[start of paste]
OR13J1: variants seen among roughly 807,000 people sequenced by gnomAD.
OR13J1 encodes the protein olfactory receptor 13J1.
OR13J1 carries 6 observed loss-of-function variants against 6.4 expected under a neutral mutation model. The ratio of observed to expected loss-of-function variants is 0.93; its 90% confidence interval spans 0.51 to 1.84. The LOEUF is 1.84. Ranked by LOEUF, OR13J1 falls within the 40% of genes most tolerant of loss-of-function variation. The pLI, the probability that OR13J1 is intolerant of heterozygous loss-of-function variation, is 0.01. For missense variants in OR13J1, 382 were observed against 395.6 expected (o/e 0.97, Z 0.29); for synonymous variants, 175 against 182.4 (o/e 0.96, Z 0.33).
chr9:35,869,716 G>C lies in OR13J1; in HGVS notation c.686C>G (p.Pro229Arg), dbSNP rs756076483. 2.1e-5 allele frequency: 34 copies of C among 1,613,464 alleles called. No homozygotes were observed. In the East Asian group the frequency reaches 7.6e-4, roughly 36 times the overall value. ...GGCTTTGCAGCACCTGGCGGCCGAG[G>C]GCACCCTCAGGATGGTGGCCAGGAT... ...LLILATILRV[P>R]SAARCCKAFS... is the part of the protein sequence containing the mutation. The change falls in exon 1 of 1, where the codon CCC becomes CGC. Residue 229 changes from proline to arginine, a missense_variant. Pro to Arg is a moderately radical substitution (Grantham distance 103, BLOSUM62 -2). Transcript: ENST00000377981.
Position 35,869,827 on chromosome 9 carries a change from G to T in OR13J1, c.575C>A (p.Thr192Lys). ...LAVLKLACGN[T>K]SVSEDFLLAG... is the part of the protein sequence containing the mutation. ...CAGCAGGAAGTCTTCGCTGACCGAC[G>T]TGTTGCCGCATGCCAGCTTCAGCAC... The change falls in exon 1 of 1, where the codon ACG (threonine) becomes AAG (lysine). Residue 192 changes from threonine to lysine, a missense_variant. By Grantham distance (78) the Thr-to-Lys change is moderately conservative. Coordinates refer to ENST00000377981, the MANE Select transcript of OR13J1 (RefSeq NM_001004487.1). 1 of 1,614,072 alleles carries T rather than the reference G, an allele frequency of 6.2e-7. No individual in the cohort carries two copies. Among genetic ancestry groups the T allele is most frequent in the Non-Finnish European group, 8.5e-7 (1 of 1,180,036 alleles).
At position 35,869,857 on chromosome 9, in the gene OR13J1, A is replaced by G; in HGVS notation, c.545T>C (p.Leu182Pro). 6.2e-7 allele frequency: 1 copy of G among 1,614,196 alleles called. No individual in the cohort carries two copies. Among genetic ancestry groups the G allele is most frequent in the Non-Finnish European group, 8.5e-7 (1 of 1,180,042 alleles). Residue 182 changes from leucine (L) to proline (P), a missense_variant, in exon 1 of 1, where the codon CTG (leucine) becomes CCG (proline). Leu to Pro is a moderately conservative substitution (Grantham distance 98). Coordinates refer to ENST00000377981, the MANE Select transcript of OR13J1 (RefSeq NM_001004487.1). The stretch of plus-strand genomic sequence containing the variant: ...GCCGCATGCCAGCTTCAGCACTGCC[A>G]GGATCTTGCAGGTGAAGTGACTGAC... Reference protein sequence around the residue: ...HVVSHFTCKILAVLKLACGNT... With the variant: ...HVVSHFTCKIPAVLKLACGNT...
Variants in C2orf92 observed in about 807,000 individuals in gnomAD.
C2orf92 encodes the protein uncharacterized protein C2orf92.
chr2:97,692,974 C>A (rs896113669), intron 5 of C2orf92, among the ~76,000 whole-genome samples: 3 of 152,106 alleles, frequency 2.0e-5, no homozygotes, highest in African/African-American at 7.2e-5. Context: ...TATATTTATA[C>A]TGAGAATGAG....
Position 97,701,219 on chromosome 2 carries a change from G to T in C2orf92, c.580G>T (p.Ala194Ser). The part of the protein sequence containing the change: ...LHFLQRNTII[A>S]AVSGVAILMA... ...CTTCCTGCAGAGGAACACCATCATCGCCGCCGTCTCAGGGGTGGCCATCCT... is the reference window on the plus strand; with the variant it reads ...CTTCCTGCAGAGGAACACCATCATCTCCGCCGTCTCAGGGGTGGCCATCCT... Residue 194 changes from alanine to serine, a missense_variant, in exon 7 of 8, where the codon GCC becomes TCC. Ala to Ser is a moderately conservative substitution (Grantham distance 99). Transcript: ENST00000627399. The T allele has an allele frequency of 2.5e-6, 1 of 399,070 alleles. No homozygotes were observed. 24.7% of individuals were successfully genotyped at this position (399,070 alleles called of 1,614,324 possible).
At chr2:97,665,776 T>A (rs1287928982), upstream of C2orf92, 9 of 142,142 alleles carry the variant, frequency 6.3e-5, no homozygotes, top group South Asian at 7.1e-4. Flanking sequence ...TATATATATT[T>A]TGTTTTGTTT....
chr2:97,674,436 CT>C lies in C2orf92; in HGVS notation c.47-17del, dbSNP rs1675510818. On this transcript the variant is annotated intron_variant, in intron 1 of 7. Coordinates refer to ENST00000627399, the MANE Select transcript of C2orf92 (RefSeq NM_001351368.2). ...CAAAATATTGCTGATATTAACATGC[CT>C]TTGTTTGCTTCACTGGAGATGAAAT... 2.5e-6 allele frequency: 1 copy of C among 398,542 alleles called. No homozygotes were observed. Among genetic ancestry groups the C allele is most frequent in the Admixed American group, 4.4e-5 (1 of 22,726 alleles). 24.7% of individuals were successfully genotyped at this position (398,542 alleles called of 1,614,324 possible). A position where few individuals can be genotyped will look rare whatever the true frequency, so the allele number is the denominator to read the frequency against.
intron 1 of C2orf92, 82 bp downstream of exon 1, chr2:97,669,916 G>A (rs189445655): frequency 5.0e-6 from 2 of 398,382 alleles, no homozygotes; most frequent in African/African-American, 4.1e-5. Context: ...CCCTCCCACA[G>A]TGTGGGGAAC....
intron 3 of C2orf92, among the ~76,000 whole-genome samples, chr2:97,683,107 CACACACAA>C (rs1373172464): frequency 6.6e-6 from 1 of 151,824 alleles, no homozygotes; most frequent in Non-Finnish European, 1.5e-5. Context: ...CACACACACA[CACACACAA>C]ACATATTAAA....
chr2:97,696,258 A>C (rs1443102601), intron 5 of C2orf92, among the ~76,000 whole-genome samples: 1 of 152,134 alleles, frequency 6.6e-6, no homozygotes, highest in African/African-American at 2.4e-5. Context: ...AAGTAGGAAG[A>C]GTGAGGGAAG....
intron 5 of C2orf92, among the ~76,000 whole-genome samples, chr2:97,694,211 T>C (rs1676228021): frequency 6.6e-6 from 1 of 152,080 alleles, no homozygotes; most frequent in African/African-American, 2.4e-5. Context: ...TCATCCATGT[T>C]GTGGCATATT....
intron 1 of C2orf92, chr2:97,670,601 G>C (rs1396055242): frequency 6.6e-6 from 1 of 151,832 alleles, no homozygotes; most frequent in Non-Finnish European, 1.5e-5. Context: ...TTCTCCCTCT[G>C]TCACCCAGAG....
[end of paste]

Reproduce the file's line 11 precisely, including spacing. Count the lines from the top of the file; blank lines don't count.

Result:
At chr2:97,665,776 T>A (rs1287928982), upstream of C2orf92, 9 of 142,142 alleles carry the variant, frequency 6.3e-5, no homozygotes, top group South Asian at 7.1e-4. Flanking sequence ...TATATATATT[T>A]TGTTTTGTTT....